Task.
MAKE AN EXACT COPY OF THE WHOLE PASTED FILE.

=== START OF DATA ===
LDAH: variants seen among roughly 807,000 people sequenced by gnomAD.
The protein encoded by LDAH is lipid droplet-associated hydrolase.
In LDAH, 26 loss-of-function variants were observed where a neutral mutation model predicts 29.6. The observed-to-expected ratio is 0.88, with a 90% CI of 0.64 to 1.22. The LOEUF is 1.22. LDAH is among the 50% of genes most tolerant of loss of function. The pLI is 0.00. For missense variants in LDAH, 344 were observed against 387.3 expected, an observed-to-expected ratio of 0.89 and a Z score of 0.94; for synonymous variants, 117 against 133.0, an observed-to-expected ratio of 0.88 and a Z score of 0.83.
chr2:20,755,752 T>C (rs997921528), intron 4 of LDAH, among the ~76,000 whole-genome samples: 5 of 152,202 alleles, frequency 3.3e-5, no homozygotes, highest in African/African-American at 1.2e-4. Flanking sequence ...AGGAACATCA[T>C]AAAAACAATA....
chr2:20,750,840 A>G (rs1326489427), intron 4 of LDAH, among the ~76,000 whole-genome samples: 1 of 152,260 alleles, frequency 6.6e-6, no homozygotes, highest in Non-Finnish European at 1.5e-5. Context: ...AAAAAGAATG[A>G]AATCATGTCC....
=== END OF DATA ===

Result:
LDAH: variants seen among roughly 807,000 people sequenced by gnomAD.
The protein encoded by LDAH is lipid droplet-associated hydrolase.
In LDAH, 26 loss-of-function variants were observed where a neutral mutation model predicts 29.6. The observed-to-expected ratio is 0.88, with a 90% CI of 0.64 to 1.22. The LOEUF is 1.22. LDAH is among the 50% of genes most tolerant of loss of function. The pLI is 0.00. For missense variants in LDAH, 344 were observed against 387.3 expected, an observed-to-expected ratio of 0.89 and a Z score of 0.94; for synonymous variants, 117 against 133.0, an observed-to-expected ratio of 0.88 and a Z score of 0.83.
chr2:20,755,752 T>C (rs997921528), intron 4 of LDAH, among the ~76,000 whole-genome samples: 5 of 152,202 alleles, frequency 3.3e-5, no homozygotes, highest in African/African-American at 1.2e-4. Flanking sequence ...AGGAACATCA[T>C]AAAAACAATA....
chr2:20,750,840 A>G (rs1326489427), intron 4 of LDAH, among the ~76,000 whole-genome samples: 1 of 152,260 alleles, frequency 6.6e-6, no homozygotes, highest in Non-Finnish European at 1.5e-5. Context: ...AAAAAGAATG[A>G]AATCATGTCC....